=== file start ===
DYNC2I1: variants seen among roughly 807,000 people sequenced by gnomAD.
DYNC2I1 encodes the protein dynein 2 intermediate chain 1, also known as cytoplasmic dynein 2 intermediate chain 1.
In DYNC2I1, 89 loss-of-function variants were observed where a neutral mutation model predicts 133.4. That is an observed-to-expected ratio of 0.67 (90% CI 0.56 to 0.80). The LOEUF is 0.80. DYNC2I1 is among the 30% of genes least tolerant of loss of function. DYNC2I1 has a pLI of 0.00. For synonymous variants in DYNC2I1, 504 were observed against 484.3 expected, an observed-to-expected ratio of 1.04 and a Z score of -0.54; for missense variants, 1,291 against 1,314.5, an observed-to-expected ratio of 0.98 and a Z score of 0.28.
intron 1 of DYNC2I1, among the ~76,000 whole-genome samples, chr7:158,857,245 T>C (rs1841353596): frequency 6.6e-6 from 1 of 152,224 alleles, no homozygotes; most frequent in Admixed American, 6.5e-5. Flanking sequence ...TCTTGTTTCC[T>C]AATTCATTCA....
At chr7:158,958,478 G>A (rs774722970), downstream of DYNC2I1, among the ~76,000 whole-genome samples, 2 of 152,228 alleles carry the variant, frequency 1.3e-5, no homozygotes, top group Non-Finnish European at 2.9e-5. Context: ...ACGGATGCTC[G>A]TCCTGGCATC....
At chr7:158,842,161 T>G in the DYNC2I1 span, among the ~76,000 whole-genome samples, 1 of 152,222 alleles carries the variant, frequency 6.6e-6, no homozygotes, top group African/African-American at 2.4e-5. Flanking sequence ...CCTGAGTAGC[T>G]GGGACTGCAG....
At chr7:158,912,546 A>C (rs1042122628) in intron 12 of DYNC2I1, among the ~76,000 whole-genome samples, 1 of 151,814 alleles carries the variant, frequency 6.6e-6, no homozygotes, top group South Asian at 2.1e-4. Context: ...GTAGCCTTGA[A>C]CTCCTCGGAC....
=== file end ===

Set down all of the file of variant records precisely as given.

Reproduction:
DYNC2I1: variants seen among roughly 807,000 people sequenced by gnomAD.
DYNC2I1 encodes the protein dynein 2 intermediate chain 1, also known as cytoplasmic dynein 2 intermediate chain 1.
In DYNC2I1, 89 loss-of-function variants were observed where a neutral mutation model predicts 133.4. That is an observed-to-expected ratio of 0.67 (90% CI 0.56 to 0.80). The LOEUF is 0.80. DYNC2I1 is among the 30% of genes least tolerant of loss of function. DYNC2I1 has a pLI of 0.00. For synonymous variants in DYNC2I1, 504 were observed against 484.3 expected, an observed-to-expected ratio of 1.04 and a Z score of -0.54; for missense variants, 1,291 against 1,314.5, an observed-to-expected ratio of 0.98 and a Z score of 0.28.
intron 1 of DYNC2I1, among the ~76,000 whole-genome samples, chr7:158,857,245 T>C (rs1841353596): frequency 6.6e-6 from 1 of 152,224 alleles, no homozygotes; most frequent in Admixed American, 6.5e-5. Flanking sequence ...TCTTGTTTCC[T>C]AATTCATTCA....
At chr7:158,958,478 G>A (rs774722970), downstream of DYNC2I1, among the ~76,000 whole-genome samples, 2 of 152,228 alleles carry the variant, frequency 1.3e-5, no homozygotes, top group Non-Finnish European at 2.9e-5. Context: ...ACGGATGCTC[G>A]TCCTGGCATC....
At chr7:158,842,161 T>G in the DYNC2I1 span, among the ~76,000 whole-genome samples, 1 of 152,222 alleles carries the variant, frequency 6.6e-6, no homozygotes, top group African/African-American at 2.4e-5. Flanking sequence ...CCTGAGTAGC[T>G]GGGACTGCAG....
At chr7:158,912,546 A>C (rs1042122628) in intron 12 of DYNC2I1, among the ~76,000 whole-genome samples, 1 of 151,814 alleles carries the variant, frequency 6.6e-6, no homozygotes, top group South Asian at 2.1e-4. Context: ...GTAGCCTTGA[A>C]CTCCTCGGAC....